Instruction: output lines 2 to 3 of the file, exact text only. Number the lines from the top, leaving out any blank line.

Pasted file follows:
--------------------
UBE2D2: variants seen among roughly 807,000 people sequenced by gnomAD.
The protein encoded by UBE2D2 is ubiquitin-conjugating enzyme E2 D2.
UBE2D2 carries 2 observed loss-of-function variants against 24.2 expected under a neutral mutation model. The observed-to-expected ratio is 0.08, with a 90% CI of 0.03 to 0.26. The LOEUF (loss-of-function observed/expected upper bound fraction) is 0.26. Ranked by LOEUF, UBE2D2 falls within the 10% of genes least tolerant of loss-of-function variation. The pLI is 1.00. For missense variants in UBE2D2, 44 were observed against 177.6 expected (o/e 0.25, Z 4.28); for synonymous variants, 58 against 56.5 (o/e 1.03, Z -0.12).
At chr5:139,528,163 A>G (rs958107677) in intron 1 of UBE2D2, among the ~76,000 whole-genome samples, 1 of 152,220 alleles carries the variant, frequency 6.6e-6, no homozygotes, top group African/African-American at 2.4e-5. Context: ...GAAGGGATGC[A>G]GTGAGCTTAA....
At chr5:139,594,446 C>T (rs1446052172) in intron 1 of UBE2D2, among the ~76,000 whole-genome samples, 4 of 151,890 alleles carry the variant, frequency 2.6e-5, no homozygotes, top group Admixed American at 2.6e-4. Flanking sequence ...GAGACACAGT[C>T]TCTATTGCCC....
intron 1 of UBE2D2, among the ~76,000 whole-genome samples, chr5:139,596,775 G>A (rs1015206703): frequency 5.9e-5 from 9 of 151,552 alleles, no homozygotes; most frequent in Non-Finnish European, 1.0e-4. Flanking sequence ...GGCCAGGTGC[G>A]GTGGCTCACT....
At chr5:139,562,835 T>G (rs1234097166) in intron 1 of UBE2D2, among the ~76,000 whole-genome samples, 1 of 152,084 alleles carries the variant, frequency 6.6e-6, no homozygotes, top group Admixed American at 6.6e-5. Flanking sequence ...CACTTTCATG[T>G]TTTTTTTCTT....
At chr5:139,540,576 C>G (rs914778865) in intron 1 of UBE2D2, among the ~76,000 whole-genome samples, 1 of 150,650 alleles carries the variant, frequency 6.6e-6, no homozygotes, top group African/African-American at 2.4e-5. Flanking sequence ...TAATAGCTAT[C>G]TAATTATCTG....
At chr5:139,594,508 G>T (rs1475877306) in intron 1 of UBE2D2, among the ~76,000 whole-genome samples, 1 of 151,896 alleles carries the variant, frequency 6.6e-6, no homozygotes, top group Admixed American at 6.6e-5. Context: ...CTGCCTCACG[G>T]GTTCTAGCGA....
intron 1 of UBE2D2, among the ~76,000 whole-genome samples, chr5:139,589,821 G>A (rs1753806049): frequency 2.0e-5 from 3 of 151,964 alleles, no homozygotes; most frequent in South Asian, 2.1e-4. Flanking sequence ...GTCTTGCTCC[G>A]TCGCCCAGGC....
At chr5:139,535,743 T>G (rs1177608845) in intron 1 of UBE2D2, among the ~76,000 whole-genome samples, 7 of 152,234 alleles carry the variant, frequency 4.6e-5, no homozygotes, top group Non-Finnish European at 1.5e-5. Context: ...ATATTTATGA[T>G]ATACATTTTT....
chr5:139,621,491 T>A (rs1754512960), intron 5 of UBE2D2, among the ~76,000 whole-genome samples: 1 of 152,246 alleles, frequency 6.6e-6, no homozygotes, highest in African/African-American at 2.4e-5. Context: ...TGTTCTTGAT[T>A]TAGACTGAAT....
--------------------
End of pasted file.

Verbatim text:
The protein encoded by UBE2D2 is ubiquitin-conjugating enzyme E2 D2.
UBE2D2 carries 2 observed loss-of-function variants against 24.2 expected under a neutral mutation model. The observed-to-expected ratio is 0.08, with a 90% CI of 0.03 to 0.26. The LOEUF (loss-of-function observed/expected upper bound fraction) is 0.26. Ranked by LOEUF, UBE2D2 falls within the 10% of genes least tolerant of loss-of-function variation. The pLI is 1.00. For missense variants in UBE2D2, 44 were observed against 177.6 expected (o/e 0.25, Z 4.28); for synonymous variants, 58 against 56.5 (o/e 1.03, Z -0.12).